He feared to look closely at her face, but he did. It was framed by brunette hair cascading down beyond smooth shoulders. He leaned closer, attempting to defeat the veil’s obscuring. The woman eyed him curiously, grinned, and slowly lifted the veil.
She rewards my interest with a vision.
Her face. Of a rather common visage, yet, a quality. A beauty he could not define; he, a poet. A beauty trapped. Never defined. An aesthetic trap, he thought. "Be wary of aesthetic traps," he had once been told by a wise elder. "Odd words to tell a poet and an artist," he had responded but had never forgotten the advice.
Here was such a trap—even more precarious, an aesthetic trap that was a woman! Her flesh was subtly hued with a slight pale of vulnerability, her cheeks soft and her nose delicate, her lips petite crimson pillows.
Eyes. That defined. noun 1: An organ of vision. 2: That gateway to the soul. Never had he seen such immense and dark eyes. 3: May evoke the fear of looking into the mystery of life itself. Absurd! He looked. The mystery. 4: A magic that pierced a black emptiness, illuminating the world, his clandestine world, with a light. 5: A madness.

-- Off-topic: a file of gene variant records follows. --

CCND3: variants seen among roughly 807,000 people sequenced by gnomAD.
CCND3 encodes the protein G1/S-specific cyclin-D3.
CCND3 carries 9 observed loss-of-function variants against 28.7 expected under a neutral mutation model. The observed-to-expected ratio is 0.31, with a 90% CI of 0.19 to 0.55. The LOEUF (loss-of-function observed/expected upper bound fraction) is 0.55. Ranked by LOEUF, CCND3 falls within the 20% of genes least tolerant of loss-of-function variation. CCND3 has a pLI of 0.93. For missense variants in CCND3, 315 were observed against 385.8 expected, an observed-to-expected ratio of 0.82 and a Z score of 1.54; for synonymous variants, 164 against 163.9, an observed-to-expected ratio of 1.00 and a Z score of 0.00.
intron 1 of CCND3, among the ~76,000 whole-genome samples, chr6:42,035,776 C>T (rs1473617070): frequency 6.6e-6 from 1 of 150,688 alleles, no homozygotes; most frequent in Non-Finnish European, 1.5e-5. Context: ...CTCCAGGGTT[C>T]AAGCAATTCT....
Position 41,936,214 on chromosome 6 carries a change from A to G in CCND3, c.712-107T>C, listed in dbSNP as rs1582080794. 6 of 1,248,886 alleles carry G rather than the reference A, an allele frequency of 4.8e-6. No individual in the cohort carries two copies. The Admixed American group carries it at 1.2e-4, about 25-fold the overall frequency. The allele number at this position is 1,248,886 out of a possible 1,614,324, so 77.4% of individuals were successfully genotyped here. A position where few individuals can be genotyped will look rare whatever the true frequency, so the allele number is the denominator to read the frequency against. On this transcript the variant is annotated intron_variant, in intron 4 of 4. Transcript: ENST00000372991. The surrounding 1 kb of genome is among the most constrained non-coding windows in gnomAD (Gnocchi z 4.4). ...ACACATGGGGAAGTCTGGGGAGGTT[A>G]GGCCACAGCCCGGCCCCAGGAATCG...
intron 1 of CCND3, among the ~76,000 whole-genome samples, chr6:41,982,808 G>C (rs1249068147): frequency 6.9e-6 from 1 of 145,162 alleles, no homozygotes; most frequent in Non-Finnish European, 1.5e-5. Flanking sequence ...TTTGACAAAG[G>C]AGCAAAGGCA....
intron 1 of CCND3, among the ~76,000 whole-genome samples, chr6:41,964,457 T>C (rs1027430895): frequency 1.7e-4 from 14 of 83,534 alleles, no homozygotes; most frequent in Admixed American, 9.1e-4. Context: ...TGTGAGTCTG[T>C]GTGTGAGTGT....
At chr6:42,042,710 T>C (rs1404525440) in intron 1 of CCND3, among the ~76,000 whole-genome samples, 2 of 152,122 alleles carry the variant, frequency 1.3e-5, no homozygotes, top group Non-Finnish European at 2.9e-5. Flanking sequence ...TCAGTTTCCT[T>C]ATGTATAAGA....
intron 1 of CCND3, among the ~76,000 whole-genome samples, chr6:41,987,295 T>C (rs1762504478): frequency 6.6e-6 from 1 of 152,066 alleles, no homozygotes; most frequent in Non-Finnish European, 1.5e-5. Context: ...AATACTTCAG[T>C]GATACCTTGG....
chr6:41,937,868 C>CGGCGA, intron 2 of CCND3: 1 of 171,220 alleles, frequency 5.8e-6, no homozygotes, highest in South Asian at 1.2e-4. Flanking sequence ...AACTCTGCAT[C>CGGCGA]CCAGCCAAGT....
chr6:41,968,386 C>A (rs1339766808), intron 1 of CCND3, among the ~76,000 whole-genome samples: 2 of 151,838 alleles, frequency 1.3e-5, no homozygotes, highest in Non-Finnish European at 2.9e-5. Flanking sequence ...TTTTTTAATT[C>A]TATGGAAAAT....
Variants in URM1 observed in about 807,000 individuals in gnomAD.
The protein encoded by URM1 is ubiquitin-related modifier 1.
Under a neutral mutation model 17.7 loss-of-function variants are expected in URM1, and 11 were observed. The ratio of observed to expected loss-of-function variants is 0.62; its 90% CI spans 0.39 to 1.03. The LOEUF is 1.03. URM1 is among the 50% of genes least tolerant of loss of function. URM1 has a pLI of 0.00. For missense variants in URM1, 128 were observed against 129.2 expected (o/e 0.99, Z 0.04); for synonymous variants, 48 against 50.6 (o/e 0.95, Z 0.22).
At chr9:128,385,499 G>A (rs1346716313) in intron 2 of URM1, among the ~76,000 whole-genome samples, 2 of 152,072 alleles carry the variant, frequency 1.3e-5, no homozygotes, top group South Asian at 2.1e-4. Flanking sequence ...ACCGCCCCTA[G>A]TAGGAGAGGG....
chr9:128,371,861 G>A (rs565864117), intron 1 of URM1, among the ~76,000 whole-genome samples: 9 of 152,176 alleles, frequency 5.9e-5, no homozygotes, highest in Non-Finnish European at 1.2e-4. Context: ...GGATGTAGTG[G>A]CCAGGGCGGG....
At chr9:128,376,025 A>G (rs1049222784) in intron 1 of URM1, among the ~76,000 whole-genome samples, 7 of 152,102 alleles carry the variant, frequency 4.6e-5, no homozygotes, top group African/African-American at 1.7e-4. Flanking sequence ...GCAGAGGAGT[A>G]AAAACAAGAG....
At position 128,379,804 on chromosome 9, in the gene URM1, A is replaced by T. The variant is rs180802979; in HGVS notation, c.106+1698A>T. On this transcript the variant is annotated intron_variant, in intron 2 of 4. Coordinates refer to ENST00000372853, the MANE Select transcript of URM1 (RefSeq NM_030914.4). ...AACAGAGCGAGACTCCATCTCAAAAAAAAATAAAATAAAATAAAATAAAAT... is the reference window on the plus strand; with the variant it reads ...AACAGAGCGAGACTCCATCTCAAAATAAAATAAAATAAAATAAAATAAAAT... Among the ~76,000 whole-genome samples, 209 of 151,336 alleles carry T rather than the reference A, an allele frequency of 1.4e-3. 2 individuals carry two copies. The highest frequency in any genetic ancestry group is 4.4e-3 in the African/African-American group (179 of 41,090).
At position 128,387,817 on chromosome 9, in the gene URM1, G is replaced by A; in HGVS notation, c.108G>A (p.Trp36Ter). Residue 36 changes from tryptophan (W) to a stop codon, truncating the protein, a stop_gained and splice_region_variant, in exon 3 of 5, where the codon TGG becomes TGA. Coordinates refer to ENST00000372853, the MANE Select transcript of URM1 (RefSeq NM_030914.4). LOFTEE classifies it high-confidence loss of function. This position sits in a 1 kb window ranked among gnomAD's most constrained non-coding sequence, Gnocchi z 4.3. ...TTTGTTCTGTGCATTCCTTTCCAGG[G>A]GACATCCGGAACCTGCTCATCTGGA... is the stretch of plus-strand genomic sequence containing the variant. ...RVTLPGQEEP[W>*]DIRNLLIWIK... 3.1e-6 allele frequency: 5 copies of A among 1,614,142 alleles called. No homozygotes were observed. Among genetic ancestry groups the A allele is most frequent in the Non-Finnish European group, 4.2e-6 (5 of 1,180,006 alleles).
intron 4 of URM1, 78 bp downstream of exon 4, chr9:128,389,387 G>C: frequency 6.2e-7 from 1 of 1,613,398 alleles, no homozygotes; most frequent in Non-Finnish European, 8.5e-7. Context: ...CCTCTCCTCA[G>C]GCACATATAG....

"Damn!" he mumbled. He took a step back and, for a pivotal moment, examined the entirety of the woman before him. She seemed a woman in mourning for the death of herself or the beautiful woman she had once been. She now carried the illusion of that woman with her, hidden beneath an apparitional veil, entombed in some secret fate. It was a perplexing and provocative sight, especially to be found on the rooftop of his generally intrigueless building.
The overall image she evoked was that of a woman inside the ghost of herself.
"You're a poet," she reiterated in her somber Dietrich-like voice, aborting his reflections. She smiled winsomely.
He stood mute, remembering the poetic lines he had just spoken, surprised that he had spoken at all.
His words dragged self-consciously like boulders through mud. He looked down at his shoes.
"And a shy poet at that. A master of words with few words." Her voice was now elevated to a height above the grave.
Was it her?
Then, Guy sensed it. He intuited that it was about to occur and pointed to the night sky above. "Look! I can sense it. The Event, it approaches."
"Ah yes!" She responded. "The entire Western Hemisphere waits. Perhaps the heralding of a new age. Perhaps the end of the world."
"It doesn't excite you?"
She shrugged. "Many things excite me. But let’s experience it and see." She looked up into the heavens.
He looked, silent, waiting.